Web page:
Meet the Giant Black Sea Bass


In the summertime, I always hope to see the Giant Black Sea Bass that swim along in the coastal waters of Southern California.  The first time I saw one, I didn’t know how special the sighting was. I swam right up to it, snapped its picture with my point-and-shoot camera, and swam off looking for something else to photograph.  It was four years before I saw one again.  And that was from a distance.  But last week I got a real treat.  I was looking for the Giant fish in water that was a bit murky.  I thought, “I’ll just go down by that rock and see if there is anything down there.”  It turns out, the “rock” was a Giant Black Sea Bass.  He didn’t seem to mind my presence, and let me snap around 50 images over 20 minutes before he moved in to deeper water.

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These fish can grow to be more than 7 feet long and up to 800 pounds.  This one was around 6 feet and 200 pounds. They are so large that when fully grown, their only predator is the great white shark and humans.  They were hunted by humans almost to extinction in Southern California waters, until they became a protected species in 1982.  Now they seem to be on the rebound, but you have to keep your eyes open and have a good bit of luck to see one.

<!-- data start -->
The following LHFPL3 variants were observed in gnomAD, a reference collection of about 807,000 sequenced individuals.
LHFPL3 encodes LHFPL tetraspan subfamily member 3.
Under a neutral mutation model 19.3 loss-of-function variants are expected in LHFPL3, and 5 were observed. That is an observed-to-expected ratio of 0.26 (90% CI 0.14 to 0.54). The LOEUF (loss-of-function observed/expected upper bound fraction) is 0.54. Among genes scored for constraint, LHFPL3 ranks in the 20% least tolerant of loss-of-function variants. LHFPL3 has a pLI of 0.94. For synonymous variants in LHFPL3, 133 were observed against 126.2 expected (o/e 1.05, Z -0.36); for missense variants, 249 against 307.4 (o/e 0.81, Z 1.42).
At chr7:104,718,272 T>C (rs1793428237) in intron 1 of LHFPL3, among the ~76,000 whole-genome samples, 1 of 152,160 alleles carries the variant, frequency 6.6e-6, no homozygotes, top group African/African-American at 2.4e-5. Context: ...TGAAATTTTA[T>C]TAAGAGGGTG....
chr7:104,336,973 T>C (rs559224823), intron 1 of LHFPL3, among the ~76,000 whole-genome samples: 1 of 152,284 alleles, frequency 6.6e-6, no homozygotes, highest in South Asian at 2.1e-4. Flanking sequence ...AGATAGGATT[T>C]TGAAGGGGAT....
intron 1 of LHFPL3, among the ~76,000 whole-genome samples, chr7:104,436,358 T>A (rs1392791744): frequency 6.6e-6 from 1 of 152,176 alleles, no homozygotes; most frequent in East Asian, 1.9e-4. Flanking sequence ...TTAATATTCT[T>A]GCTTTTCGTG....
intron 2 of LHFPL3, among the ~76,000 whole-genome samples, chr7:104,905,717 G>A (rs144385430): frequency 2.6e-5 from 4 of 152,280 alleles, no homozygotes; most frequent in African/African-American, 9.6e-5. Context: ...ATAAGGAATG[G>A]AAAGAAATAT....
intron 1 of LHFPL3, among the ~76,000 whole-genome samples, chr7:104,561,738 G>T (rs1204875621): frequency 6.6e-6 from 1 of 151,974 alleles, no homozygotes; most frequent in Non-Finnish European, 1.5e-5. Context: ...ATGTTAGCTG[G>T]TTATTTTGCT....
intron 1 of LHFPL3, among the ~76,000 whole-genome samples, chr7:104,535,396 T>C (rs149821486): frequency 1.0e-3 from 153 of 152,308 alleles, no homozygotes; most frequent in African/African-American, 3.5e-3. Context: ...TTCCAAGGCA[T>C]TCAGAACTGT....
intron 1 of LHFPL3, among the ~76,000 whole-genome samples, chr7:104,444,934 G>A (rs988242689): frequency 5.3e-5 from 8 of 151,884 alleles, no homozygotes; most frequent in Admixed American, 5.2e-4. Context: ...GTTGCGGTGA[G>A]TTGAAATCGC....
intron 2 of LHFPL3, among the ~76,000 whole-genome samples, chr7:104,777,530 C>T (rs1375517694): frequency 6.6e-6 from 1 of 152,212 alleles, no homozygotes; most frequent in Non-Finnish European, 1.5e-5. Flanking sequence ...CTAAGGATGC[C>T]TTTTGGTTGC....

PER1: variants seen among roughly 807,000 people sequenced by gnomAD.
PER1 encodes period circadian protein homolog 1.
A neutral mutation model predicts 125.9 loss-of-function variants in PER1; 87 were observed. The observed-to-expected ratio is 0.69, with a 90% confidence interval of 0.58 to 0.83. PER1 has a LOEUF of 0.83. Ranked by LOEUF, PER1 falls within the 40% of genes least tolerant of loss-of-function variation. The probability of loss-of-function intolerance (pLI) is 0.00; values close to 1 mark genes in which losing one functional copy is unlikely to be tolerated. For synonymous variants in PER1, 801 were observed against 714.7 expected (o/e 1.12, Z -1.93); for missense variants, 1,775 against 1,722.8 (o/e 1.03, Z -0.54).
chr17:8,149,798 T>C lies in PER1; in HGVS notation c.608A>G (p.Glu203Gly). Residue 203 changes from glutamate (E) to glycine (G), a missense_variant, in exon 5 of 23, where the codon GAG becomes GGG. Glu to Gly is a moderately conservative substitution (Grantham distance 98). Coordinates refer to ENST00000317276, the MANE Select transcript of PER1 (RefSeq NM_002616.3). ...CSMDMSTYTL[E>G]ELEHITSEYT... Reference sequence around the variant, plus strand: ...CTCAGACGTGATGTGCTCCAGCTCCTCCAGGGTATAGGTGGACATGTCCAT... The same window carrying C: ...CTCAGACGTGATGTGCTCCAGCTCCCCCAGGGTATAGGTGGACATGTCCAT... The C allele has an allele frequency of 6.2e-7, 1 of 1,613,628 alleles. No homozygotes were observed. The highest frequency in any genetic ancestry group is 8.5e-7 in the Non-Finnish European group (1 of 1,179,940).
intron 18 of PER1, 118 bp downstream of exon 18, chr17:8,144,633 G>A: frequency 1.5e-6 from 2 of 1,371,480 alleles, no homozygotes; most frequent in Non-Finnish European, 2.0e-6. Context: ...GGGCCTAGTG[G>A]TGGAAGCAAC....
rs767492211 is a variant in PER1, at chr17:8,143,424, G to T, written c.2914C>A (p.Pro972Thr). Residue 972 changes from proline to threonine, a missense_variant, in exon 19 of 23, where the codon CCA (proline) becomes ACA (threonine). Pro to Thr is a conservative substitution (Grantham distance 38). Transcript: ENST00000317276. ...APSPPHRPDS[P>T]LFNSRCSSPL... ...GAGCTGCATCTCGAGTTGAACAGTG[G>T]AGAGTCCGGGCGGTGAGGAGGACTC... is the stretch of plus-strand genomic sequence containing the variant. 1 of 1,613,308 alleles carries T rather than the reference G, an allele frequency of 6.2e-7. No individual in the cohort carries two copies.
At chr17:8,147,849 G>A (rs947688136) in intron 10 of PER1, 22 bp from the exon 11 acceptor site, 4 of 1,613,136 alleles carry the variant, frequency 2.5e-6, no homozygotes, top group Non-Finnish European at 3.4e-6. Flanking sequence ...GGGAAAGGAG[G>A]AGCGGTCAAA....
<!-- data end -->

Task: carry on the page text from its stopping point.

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An interesting thing about this fish is that it can cause its spots to come and go.  But when it is dead, it appears very dark or black all over (thus the name, Giant Black Sea Bass.)

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When these fish are in their first year, they transform from a black fish to a bright orange fish looking little like a Giant Sea Bass at all.  But as they mature, they take on the characteristic coloring with large spots that is seen in the images above.

If you are scuba diving in Southern California in the summer months, a good place to see these fish is at Catalina Island, Santa Barbara Island or Anacapa Island.  They are sometimes seen near shore as well.

As always, if you enjoy my images please visit my website, waterdogphotography.com, or give me a like on facebook at Waterdog Photography Brook Peterson.  Don’t forget to follow me here at waterdogphotographyblog!
These photographs are taken with a Nikon D810  in Sea and Sea Housing using two YS-D1 Strobes.
All images are copyrighted by Brook Peterson and may only be used with written permission.  Please do not copy or print them.  To discuss terms for using these images, please contact me

Underwater Photography 101: “Face the Music!”


One of the challenging things as an underwater photographer is getting your subjects to face the camera. Marine critters are inexplicably camera shy!  Most likely, it is because of the bright focus light you are shining in their face, but it could also be that your dome port looks like a big eye and that can freak out any little beasty. Luckily for photographers, there are some tricks we can try, and common sense we can apply.

Trick #1:  Red Light!